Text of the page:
Billy Liar (1963)
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as William Terrence 'Billy' Fisher
as Geoffrey Fisher
as Alice Fisher
as Arthur Crabtree
as Eric Stamp
as Disc Jockey
as Prison Governor
as Danny Boone
as Insp. Macdonald
as Mrs. Crabtree
as Danny's Secretary
as Danny's PRO
Critic Reviews for Billy Liar
At all kinds of points, one has the feeling that Schlesinger's film is running away from him; but there's also the impression of a talent energetic enough to risk even the occasional howling blunder.
It's the director's most assured work, and it includes Courtenay's greatest performance. The young actor balances zestiness and frustration, levity and rage, and never soft-pedals his character's more unsympathetic tendencies.
Not many classic films have also enjoyed success as a book, play, sitcom and musical. It's testament to the timelessness of Keith Waterhouse's source novel ...
Audience Reviews for Billy Liar
The Brits in the 60's did their own take on Thurber's popular Walter Mitty in this updated tale of a dreamer who is happiest in dreams. The climax, wherein our hero is offered the chance to finally live his dream, is the uncomfortable reality that known comfort might be better than unknown, and possibly uncomfortable, freedom. What makes this film interesting is how it summed up quite nicely the youthful unease felt by its generation and the forthcoming social revolution.
Billy Liar!" impressed me more than many other admirable British pictures of this era, like "Room at the Top", "The Loneliness of the Long Distance Runner" and "This Sporting Life". It managed to generate a more tangible blend of poignancy and amusement. It's not often humour of the "laugh-out-loud" nature, more of the subtle, grim kind. The reality of Britain at that time is I suspect, very well conveyed here, with the old working-class, represented by Councillor Duxbury (astutely played by the fine Finlay Currie) and Billy's family, very much at odds with what they see as an ungrateful, decadent youth. All the performances hit the intended mark, with Leonard Rossiter typically Rossiter, almost as a younger Rigsby, without so much noticeable seediness. Julie Christie is as good as the role allows, an odd role, very much the "dream girl" of Billy and I dare say a good few others. The film expertly avoids sentimentalizing matters by its cunning, apposite last section. The Danny Boon character is, one suspects, all too typical of the TV light entertainer mould in reality. His reliance on cheap non-gags, smug guffaws and "audience banter" is well conveyed in just a few short scenes. It's interesting that Billy seems to aspire so much to write for him in particular... Helen Fraser's character Barbara is wonderfully quaint; a type long gone it seems. One can understand Billy's frustrations with his respectively prudish and plain (Barbara) and ignorant (Rita) girlfriends, and his anger at his family, although some sympathy is correctly reserved for them. The direction is very good by Schlesinger, emphasizing all the right things. The fine context-setting opening montage expertly draws in the viewer, and never at any stage henceforth is anyone's attention likely to wane. The film is most of all Tom Courtenay's; he gives a truly resonant performance, bringing to vivid life a character far removed from the norms of film making at the time. The fantasy sequences are finely done, and all add more deep impression of this character. His digressive tendencies, self-destructive habits, economy with the truth are well balanced by a sense of yearning and imagination. One cannot help but like and relate to the character, a creation that resoundingly rings true. His ambivalence to the class system comes across concisely, in particular. A fine film indeed, with so many of the smaller touches that many films miss. Witty, sad and a seminal film of the era, very much a crossroads in British history.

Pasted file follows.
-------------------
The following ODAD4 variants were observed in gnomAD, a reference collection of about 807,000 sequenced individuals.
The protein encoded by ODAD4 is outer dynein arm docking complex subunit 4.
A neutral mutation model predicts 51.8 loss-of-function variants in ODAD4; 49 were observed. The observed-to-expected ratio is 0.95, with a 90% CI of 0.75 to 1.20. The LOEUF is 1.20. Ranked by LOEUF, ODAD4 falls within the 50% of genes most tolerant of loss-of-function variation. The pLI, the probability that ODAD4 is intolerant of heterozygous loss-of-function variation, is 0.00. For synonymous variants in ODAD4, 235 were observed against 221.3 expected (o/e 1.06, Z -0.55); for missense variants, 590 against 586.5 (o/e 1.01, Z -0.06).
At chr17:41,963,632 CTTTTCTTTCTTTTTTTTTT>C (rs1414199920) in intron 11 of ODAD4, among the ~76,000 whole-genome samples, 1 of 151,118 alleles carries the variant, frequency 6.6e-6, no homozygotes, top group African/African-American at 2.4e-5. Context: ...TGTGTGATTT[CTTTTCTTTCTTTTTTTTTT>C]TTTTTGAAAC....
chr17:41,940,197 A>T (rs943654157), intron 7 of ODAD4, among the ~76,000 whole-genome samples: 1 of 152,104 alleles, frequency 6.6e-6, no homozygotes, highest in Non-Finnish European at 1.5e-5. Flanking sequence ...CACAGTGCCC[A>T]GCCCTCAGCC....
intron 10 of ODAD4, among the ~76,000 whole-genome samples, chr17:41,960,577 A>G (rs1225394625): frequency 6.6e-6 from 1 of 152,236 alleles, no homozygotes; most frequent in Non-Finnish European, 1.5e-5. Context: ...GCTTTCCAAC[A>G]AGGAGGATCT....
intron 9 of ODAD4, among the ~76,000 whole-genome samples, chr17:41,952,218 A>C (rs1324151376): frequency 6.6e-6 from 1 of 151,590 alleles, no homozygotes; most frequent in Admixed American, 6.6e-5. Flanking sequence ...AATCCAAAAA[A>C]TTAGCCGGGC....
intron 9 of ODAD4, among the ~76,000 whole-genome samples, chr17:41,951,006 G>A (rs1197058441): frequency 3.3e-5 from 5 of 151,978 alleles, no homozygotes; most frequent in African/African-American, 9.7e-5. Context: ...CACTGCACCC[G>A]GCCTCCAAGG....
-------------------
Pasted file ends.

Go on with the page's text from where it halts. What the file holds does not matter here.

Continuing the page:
I wasn't very impressed with this movie or any of the cast really, it wasn't very funny or enjoyable, but once in a while it has a funny moment, so it's an okay movie.
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